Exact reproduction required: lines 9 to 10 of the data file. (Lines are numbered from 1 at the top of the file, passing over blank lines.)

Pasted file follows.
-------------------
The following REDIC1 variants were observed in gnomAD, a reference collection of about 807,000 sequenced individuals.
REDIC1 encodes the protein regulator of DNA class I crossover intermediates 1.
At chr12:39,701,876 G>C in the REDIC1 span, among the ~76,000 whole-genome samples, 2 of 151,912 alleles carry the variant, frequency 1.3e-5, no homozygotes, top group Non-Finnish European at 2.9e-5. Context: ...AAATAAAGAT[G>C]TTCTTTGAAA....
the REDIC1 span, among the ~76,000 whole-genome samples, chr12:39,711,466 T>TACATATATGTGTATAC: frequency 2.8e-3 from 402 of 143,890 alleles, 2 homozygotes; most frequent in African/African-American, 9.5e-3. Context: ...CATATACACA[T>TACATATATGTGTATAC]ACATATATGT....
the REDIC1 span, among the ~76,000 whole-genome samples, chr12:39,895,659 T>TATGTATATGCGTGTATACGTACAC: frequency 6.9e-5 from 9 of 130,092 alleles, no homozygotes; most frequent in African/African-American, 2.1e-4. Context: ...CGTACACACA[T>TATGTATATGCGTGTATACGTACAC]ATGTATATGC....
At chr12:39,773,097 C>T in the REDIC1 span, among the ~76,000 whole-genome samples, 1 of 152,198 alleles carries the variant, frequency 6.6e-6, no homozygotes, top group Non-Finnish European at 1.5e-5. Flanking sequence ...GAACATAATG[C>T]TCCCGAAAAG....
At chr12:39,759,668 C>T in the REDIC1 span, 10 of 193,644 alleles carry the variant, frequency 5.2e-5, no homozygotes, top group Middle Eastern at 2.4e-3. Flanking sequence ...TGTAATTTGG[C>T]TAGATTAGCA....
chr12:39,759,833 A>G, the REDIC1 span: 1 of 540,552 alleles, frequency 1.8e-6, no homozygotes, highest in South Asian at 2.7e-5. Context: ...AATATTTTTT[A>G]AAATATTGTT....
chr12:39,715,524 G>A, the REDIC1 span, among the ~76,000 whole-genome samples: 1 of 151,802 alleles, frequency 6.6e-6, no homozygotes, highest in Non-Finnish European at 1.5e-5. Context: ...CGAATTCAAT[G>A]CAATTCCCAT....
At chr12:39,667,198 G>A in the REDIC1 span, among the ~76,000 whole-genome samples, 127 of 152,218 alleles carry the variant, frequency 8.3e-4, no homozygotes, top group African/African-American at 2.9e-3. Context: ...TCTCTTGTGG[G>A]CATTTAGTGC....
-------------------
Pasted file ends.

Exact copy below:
chr12:39,715,524 G>A, the REDIC1 span, among the ~76,000 whole-genome samples: 1 of 151,802 alleles, frequency 6.6e-6, no homozygotes, highest in Non-Finnish European at 1.5e-5. Context: ...CGAATTCAAT[G>A]CAATTCCCAT....
At chr12:39,667,198 G>A in the REDIC1 span, among the ~76,000 whole-genome samples, 127 of 152,218 alleles carry the variant, frequency 8.3e-4, no homozygotes, top group African/African-American at 2.9e-3. Context: ...TCTCTTGTGG[G>A]CATTTAGTGC....